When high schools start at 8:30 a.m. or later, attendance rates and graduation rates improve, according to a new study.
The study backs previous research that says additional sleep boosts psychological, behavioral and academic benefits for teens.
“So much research explains the impact of insufficient sleep on suicide, substance abuse, depression, auto accidents and more,” said lead study author Pamela McKeever of Central Connecticut State University in New Britain.
“This connects the dots between the world of science and education,” she told said.
“Through this, educators and parents can see how lack of sleep impacts the school indicators that we use to measure student success.”
McKeever and colleague Linda Clark looked at school start times, graduation rates and attendance rates for 30,000 students in 29 high schools across seven states. They found that two years after a delayed start was implemented at these high schools, average attendance rates and graduation rates had increased several percentage points.
For example, the average graduation completion rate was 79 percent before the delayed start was implemented, and it was 88 percent afterward.
“This doesn’t only impact our high school students. This impacts all of society,” McKeever said. “As graduation rates improve, young adults experience less hardship after graduation, a lower chance of incarceration and a higher chance of career success.”
Delayed bell times could close the achievement gap as well, McKeever and Clark wrote in Sleep Health, the journal of the National Sleep Foundation. When schools start later, students in lower socioeconomic categories are more likely to get to the bus on time. When they arrive at school on time, they’re more likely to stay in class and graduate.
“When kids miss a bus early in the morning and that’s their only form of transportation, they miss class and then soon the credits,” said Kyla Wahlstrom of the University of Minnesota in Minneapolis, who wasn’t involved with this study. “People don’t understand the link between early wakeup times and graduation rates, but it’s that direct.”
Since the late 1990s, Wahlstrom and other researchers have suggested that delayed high school start times may help students. In 2014, she and her colleagues reported that in a three-year study with 9,000 students in eight public high schools across three states, attendance rates increased with a start time of 8:35 a.m. or later.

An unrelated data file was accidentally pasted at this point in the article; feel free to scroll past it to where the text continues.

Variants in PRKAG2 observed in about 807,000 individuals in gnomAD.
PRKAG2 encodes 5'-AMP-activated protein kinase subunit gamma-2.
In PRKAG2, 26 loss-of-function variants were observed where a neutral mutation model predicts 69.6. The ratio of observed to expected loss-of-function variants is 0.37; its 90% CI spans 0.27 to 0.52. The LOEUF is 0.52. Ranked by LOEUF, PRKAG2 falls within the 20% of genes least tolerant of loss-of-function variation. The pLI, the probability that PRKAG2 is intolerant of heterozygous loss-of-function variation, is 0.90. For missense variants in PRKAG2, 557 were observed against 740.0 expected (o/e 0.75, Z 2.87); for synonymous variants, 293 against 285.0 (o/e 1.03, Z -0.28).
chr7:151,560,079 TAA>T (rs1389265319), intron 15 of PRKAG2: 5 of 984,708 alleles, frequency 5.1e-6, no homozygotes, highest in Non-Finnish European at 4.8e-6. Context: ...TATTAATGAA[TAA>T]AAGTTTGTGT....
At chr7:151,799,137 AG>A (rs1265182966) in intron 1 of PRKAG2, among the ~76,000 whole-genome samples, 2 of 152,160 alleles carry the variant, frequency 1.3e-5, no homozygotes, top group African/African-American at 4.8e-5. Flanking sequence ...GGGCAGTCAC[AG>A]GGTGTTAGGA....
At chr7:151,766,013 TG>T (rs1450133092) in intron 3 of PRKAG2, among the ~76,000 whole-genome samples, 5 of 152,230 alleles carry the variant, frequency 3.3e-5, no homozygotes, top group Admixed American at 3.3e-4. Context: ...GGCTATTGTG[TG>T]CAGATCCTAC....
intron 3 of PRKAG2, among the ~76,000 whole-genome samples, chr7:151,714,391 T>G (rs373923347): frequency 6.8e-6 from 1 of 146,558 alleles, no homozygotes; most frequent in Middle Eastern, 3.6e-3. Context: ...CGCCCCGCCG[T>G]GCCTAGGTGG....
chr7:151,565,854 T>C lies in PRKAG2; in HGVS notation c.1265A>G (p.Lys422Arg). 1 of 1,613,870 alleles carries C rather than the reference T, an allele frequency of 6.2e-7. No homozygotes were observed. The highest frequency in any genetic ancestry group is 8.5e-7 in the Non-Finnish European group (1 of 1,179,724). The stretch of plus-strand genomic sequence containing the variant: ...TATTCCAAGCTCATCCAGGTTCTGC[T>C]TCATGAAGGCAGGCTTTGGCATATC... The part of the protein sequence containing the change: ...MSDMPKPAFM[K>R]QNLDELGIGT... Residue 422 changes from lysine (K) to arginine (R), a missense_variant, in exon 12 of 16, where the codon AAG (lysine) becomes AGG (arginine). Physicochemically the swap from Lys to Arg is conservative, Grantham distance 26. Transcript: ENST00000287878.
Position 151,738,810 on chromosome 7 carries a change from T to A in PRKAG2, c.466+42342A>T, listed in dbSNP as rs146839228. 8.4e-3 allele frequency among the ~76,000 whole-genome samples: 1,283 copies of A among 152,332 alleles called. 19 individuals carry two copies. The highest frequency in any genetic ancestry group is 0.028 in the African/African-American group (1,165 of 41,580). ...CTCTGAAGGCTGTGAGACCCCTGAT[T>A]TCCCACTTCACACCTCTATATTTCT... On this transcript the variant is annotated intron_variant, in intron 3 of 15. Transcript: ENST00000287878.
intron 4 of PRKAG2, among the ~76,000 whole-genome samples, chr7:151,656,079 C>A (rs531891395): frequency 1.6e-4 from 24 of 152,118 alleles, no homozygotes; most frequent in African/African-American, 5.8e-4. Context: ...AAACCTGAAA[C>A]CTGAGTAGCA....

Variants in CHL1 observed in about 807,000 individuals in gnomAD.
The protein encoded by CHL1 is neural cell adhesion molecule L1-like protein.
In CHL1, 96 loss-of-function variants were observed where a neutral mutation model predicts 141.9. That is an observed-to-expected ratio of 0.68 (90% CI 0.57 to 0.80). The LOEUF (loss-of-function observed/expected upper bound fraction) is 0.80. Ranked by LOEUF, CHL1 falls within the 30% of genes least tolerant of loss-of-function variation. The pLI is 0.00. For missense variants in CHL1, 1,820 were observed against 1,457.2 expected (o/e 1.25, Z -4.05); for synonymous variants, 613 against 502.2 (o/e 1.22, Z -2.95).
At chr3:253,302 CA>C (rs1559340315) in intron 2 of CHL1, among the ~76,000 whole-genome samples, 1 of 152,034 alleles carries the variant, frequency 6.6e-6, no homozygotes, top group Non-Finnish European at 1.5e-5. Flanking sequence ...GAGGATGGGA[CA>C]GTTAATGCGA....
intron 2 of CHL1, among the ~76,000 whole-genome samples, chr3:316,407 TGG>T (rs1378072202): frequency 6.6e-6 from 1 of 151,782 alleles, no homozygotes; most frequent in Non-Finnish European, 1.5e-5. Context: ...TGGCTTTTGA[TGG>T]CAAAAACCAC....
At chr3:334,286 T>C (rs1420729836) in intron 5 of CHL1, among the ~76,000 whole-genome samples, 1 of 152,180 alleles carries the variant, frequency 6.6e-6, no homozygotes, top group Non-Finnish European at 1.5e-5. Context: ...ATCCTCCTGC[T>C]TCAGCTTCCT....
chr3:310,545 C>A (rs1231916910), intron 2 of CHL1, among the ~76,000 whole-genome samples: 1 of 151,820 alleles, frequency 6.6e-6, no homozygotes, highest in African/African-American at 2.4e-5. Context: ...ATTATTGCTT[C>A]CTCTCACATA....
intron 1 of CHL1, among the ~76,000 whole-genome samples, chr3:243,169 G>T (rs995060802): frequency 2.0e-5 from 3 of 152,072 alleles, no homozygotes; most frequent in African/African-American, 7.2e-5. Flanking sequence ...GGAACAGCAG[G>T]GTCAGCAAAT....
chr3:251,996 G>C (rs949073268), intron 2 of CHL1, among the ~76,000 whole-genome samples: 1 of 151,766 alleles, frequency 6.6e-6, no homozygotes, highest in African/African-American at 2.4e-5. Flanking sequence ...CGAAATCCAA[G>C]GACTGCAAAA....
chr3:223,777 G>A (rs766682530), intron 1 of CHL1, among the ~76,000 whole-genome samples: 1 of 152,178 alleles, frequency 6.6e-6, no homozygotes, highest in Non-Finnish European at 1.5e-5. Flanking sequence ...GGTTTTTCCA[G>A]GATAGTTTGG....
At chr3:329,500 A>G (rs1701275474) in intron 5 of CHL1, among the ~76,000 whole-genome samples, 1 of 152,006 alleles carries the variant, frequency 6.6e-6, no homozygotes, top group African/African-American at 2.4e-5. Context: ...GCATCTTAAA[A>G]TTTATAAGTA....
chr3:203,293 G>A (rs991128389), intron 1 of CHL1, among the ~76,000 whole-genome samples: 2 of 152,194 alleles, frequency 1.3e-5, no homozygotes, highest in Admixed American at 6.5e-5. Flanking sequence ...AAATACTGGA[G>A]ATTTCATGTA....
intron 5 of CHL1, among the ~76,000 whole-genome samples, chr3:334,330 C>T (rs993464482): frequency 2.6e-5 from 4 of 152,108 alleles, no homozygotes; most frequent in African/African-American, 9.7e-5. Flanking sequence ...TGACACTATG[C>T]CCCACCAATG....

In December, the American Academy of Sleep Medicine advised that later school start times could improve sleep, reduce car accidents and reduce sleepiness. The American Academy of Pediatrics also recommends 8:30 a.m. as the earliest time to begin school.
But school policies have yet to change nationwide. The U.S. Centers for Disease Control and Prevention (CDC) reports that in 42 states, 75-100 percent of public schools start before 8:30 a.m.
Teens are “driven by biology to go to sleep later, and there’s not much we can do about that, but school start times are the main reason they get up when they do,” said Anne Wheaton, an epidemiologist at the CDC in Atlanta. Wheaton wasn’t involved with this study.
A limitation of the study is that many variables affect attendance and graduation rates. Changes at the school level, such as different teachers, policies and the surrounding community itself, could affect students and their ability to complete class credits, extracurricular activities and afterschool jobs. Also, the data didn’t measure sleep time or indicate whether students slept more due to delayed start times.
“The debate about school start time and adolescent sleep patterns has been going on for a number of years,” said Mary Carskadon of the Sleep for Science Research Lab at Brown University in Providence, Rhode Island, who wasn’t involved with this study.
“Efforts to delay the school bell are more likely to succeed best when parents and the teens themselves use better choices,” she told Reuters Health by email. “This includes having a set bedtime and limiting arousing activities in the evening.”